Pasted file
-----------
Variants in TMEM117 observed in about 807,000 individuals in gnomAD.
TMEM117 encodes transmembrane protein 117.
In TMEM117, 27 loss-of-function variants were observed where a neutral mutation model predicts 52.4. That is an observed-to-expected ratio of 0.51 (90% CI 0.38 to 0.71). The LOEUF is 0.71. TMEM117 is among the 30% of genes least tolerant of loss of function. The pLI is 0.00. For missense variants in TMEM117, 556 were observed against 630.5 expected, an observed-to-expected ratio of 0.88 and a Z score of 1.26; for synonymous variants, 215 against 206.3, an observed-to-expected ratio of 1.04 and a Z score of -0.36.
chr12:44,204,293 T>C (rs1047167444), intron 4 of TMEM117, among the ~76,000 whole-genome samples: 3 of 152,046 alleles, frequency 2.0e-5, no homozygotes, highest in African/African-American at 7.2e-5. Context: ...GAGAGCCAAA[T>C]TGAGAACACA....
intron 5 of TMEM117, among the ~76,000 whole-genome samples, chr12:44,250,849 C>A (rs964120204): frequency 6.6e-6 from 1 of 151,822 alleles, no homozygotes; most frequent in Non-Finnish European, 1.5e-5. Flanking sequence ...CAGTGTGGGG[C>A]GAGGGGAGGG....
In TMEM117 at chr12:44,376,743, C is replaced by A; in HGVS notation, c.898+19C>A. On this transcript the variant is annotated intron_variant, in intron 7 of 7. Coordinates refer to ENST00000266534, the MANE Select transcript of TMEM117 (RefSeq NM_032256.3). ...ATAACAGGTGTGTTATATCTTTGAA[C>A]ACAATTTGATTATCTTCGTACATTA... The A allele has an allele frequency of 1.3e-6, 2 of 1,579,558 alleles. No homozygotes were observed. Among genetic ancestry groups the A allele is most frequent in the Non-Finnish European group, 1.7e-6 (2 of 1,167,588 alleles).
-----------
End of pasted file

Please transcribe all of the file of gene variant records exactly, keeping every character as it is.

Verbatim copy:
Variants in TMEM117 observed in about 807,000 individuals in gnomAD.
TMEM117 encodes transmembrane protein 117.
In TMEM117, 27 loss-of-function variants were observed where a neutral mutation model predicts 52.4. That is an observed-to-expected ratio of 0.51 (90% CI 0.38 to 0.71). The LOEUF is 0.71. TMEM117 is among the 30% of genes least tolerant of loss of function. The pLI is 0.00. For missense variants in TMEM117, 556 were observed against 630.5 expected, an observed-to-expected ratio of 0.88 and a Z score of 1.26; for synonymous variants, 215 against 206.3, an observed-to-expected ratio of 1.04 and a Z score of -0.36.
chr12:44,204,293 T>C (rs1047167444), intron 4 of TMEM117, among the ~76,000 whole-genome samples: 3 of 152,046 alleles, frequency 2.0e-5, no homozygotes, highest in African/African-American at 7.2e-5. Context: ...GAGAGCCAAA[T>C]TGAGAACACA....
intron 5 of TMEM117, among the ~76,000 whole-genome samples, chr12:44,250,849 C>A (rs964120204): frequency 6.6e-6 from 1 of 151,822 alleles, no homozygotes; most frequent in Non-Finnish European, 1.5e-5. Flanking sequence ...CAGTGTGGGG[C>A]GAGGGGAGGG....
In TMEM117 at chr12:44,376,743, C is replaced by A; in HGVS notation, c.898+19C>A. On this transcript the variant is annotated intron_variant, in intron 7 of 7. Coordinates refer to ENST00000266534, the MANE Select transcript of TMEM117 (RefSeq NM_032256.3). ...ATAACAGGTGTGTTATATCTTTGAA[C>A]ACAATTTGATTATCTTCGTACATTA... The A allele has an allele frequency of 1.3e-6, 2 of 1,579,558 alleles. No homozygotes were observed. Among genetic ancestry groups the A allele is most frequent in the Non-Finnish European group, 1.7e-6 (2 of 1,167,588 alleles).